During the sermon, Ted tries to listen to the words but focuses his eyes on the projector screen, training his line of sight along the right angles and long lines again and again until the screen becomes a pitch and the staticy pixels move like footballers. The words fade out as he imagines the coaching staff in a line along one of the long edges of the pitch: himself and Beard and Nate and Roy, soon, because Roy said yes to an assistant coaching position a couple weeks ago. And now it’s a still very welcome but slightly more complicated yes because of the other line, the line that runs from Roy to Keeley to Rebecca to Ted. Last night he asked Rebecca if they could sit down with Keeley and Roy as soon as possible after he gets back to London, even if it’s the day he arrives and he’s exhausted. After a lifetime devoted to sports, he’s pretty comfortable with the sensation of not knowing exactly what’s going to happen, but he’s desperate to know how the first conversation will feel. He wants out of limbo, wants the relief of being in the same room as Rebecca (and Keeley, and Roy) again. Beard headed back to London yesterday, and Ted already wants to see him again, too—after the conversation he needs to have with Rebecca, Keeley, and Roy, he’ll be able to be honest with Beard and give him a pointedly undetailed yet relievingly accurate lay of the land.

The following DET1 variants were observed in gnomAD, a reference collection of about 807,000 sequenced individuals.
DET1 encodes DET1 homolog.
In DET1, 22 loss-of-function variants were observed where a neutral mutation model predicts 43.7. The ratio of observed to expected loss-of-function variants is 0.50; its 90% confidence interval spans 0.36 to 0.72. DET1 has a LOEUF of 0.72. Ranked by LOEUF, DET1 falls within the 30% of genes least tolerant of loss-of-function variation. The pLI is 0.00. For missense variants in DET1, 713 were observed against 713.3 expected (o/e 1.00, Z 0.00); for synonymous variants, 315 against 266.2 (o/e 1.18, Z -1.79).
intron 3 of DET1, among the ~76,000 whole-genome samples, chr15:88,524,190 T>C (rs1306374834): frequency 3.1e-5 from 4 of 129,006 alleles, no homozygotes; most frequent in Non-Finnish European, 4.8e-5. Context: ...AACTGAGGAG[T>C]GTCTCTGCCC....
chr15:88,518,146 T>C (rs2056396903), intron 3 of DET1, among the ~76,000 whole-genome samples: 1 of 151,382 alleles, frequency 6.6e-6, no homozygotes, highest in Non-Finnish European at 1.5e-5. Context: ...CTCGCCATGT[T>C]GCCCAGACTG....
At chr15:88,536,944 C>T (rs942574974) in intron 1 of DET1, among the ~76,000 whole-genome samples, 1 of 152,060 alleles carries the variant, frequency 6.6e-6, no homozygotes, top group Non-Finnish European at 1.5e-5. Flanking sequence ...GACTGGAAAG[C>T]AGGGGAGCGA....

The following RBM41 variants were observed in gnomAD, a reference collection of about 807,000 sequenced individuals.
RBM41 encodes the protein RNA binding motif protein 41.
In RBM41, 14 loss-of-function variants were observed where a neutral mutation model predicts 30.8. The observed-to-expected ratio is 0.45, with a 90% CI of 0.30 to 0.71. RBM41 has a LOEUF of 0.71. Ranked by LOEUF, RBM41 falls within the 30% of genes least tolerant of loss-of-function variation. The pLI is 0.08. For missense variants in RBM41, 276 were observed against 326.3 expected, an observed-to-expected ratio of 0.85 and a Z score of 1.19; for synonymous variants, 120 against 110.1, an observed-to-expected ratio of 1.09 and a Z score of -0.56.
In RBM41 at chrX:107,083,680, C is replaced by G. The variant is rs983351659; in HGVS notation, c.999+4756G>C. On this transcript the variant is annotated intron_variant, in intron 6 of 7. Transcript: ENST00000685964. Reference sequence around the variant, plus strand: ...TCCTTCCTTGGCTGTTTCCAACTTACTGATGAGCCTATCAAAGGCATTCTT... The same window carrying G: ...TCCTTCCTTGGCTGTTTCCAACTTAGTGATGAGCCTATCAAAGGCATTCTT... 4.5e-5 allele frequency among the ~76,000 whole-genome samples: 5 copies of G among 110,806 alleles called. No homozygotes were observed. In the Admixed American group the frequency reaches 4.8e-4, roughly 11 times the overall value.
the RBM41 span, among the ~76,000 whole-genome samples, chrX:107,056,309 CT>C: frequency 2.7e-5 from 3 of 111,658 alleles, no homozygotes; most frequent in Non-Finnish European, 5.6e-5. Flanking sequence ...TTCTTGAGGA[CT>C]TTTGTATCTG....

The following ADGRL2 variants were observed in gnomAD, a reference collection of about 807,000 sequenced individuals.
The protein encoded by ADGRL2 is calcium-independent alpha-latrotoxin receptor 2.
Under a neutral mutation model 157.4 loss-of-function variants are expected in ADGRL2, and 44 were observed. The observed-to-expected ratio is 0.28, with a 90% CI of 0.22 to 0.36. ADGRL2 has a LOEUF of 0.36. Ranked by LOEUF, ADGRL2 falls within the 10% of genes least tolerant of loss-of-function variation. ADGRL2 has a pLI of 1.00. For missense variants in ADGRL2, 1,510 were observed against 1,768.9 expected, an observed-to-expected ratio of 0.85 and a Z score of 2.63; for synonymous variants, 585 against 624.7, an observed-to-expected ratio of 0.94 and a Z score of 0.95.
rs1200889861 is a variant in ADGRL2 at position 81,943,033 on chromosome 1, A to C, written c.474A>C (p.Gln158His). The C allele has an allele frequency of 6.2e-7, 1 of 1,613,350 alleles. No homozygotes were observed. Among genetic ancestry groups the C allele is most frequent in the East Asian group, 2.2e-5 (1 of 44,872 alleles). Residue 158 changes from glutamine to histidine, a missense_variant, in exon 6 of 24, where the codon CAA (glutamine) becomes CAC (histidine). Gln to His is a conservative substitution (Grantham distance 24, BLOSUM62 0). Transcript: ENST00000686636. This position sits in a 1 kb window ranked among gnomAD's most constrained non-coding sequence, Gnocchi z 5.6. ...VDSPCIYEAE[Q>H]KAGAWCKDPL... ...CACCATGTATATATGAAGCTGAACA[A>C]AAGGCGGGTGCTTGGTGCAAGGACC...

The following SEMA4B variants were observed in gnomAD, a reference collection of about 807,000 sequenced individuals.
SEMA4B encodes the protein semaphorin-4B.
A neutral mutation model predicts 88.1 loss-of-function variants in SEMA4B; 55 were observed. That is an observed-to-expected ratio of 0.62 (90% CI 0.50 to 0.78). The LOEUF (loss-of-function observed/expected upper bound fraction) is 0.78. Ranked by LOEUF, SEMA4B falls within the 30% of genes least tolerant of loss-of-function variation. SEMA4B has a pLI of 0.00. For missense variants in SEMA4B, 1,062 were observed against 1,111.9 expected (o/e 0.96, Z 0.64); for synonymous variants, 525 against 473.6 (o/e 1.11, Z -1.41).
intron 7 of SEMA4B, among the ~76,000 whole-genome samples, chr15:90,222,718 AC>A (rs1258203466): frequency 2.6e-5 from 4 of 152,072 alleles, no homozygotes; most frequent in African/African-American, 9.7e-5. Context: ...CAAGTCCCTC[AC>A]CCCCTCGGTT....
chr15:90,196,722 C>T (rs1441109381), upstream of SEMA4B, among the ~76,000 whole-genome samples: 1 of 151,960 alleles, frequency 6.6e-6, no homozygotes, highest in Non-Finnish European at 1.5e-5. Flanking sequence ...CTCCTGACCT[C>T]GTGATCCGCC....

When it’s time to line up for communion, Ted stays in his seat. Michelle gives him a questioning look as she scoots past him to get to the aisle, and looks back again when she and Henry are nearly up to the front of the bread and grape juice line. But at this moment it seems okay that Henry’s gone up with her and knows his father isn’t there. It seems okay that they don’t do everything the same way. There are hymns during communion, and when he stops watching the line of people and returns to the daydream, the pitch has turned into a screen again, lyrics emblazoned across it in enormous Comic Sans. With a glorious pang, he wishes Rebecca was there so they could make fun of how jarring it is to see the words “How Great Thou Art” in such a not-great font. He imagines the sound of her laugh, although of course in church it would be stifled, and then, for at least the thousandth time since it happened, he hears the sound she made three nights ago when she made herself come, her cry clear as a bell even over speakerphone. That night he stayed on the line for hours, carried her around the motel room as quietly as possible while he found a snack, read a book, and finally got ready for bed. He told himself he could hear her sleep and ever since he’s had the dual sensation of knowing she’s right there with him and wishing she was. Wishing he could touch her for the first time and feeling, strangely, that he already has. Knowing he’ll finally get to—again and for the first time—after his last hours with this particular version of home and this particular version of Henry and the hours it takes to get from Wichita to Atlanta to London—the actual hours and the timezone magic. His stomach twists, the dread and happiness curled up together.